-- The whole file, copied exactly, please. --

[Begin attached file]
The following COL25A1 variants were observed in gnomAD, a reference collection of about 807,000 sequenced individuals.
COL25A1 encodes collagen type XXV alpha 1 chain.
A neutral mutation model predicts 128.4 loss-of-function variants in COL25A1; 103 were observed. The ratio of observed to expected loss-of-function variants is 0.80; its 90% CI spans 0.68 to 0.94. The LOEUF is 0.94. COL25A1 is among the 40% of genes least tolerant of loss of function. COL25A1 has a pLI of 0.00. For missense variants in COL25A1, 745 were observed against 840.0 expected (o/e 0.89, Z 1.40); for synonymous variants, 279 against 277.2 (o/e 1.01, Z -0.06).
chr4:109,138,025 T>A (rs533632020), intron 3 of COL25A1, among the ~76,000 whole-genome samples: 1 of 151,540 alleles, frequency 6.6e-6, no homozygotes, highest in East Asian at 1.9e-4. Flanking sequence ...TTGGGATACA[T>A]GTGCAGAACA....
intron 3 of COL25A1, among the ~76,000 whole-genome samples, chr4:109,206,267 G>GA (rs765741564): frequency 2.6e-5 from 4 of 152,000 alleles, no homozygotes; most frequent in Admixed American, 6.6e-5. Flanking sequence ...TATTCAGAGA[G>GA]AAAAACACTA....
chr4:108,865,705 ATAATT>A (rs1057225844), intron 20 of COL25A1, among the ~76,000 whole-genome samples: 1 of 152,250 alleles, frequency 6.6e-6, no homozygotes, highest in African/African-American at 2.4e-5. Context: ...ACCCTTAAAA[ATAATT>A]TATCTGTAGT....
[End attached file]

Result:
The following COL25A1 variants were observed in gnomAD, a reference collection of about 807,000 sequenced individuals.
COL25A1 encodes collagen type XXV alpha 1 chain.
A neutral mutation model predicts 128.4 loss-of-function variants in COL25A1; 103 were observed. The ratio of observed to expected loss-of-function variants is 0.80; its 90% CI spans 0.68 to 0.94. The LOEUF is 0.94. COL25A1 is among the 40% of genes least tolerant of loss of function. COL25A1 has a pLI of 0.00. For missense variants in COL25A1, 745 were observed against 840.0 expected (o/e 0.89, Z 1.40); for synonymous variants, 279 against 277.2 (o/e 1.01, Z -0.06).
chr4:109,138,025 T>A (rs533632020), intron 3 of COL25A1, among the ~76,000 whole-genome samples: 1 of 151,540 alleles, frequency 6.6e-6, no homozygotes, highest in East Asian at 1.9e-4. Flanking sequence ...TTGGGATACA[T>A]GTGCAGAACA....
intron 3 of COL25A1, among the ~76,000 whole-genome samples, chr4:109,206,267 G>GA (rs765741564): frequency 2.6e-5 from 4 of 152,000 alleles, no homozygotes; most frequent in Admixed American, 6.6e-5. Flanking sequence ...TATTCAGAGA[G>GA]AAAAACACTA....
chr4:108,865,705 ATAATT>A (rs1057225844), intron 20 of COL25A1, among the ~76,000 whole-genome samples: 1 of 152,250 alleles, frequency 6.6e-6, no homozygotes, highest in African/African-American at 2.4e-5. Context: ...ACCCTTAAAA[ATAATT>A]TATCTGTAGT....